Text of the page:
by Umair Haque writes:
…It’s been less than cool for me to watch Technorati’s first-mover advantage eroding over the last few months, culminating in the Bloglines acquisition. I thought Technorati was incredibly cool from the day it launched, and I thought it had a very strong advantage.
Examining why, I think, reveals some pretty important strategic lessons about Web 2.0 (at least for me). It’s a fascinating story, because it’s about two players, (Technorati and Bloglines) with the same capabilities, but very different strategies – which led to very different outcomes. Here are my notes about it (based on some pretty strong assumptions – needless to say, YMMV).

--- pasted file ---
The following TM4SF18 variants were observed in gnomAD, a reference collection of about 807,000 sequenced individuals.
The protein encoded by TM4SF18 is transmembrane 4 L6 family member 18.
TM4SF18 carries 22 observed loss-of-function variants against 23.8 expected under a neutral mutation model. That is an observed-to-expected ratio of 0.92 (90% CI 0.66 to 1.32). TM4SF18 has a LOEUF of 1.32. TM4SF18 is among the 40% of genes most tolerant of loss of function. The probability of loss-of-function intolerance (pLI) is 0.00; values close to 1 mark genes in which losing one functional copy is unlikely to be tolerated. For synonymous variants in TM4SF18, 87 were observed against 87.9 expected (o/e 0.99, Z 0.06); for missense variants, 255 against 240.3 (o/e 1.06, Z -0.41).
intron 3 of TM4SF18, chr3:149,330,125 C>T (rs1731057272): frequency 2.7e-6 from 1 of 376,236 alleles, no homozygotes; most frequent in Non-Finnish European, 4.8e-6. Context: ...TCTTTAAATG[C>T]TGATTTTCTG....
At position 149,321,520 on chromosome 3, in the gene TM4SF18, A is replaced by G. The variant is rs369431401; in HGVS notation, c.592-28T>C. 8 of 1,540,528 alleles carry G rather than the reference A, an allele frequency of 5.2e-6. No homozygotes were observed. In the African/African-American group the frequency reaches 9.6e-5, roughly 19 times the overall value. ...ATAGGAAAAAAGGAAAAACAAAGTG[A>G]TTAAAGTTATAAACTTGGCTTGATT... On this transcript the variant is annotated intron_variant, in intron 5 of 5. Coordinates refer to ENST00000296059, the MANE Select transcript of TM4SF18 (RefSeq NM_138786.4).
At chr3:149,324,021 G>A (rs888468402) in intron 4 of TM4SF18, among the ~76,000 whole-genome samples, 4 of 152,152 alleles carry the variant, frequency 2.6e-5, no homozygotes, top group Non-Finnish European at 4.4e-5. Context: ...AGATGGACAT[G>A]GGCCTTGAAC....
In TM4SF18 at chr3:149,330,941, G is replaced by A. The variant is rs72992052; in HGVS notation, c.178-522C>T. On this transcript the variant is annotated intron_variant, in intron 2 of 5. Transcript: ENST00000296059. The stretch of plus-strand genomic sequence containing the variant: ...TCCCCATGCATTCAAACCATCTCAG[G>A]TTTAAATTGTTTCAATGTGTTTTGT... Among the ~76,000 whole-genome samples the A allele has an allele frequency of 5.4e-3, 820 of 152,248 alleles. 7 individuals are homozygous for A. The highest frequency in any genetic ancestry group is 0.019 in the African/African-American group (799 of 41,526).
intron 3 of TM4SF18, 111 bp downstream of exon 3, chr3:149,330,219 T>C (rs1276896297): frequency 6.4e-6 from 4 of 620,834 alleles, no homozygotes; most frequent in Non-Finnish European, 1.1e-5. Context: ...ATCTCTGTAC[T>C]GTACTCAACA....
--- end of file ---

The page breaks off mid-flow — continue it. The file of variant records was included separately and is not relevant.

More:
There are three questions that hit me these days when I look at the blog ecosystem. First, why has Technorati stuck with a decayed standard – ‘watchlists’ – vs feeds? Second, why didn’t it extend it’s advantage to first-to-scale by locking in a user base? Third, why does Blogger continue to turn into Windows 98? Leaving number 3 aside, here are some thoughts on the first two.
Technorati, and I think most blog aggregators, have misunderstood the strategic landscape created by the economics of feeds.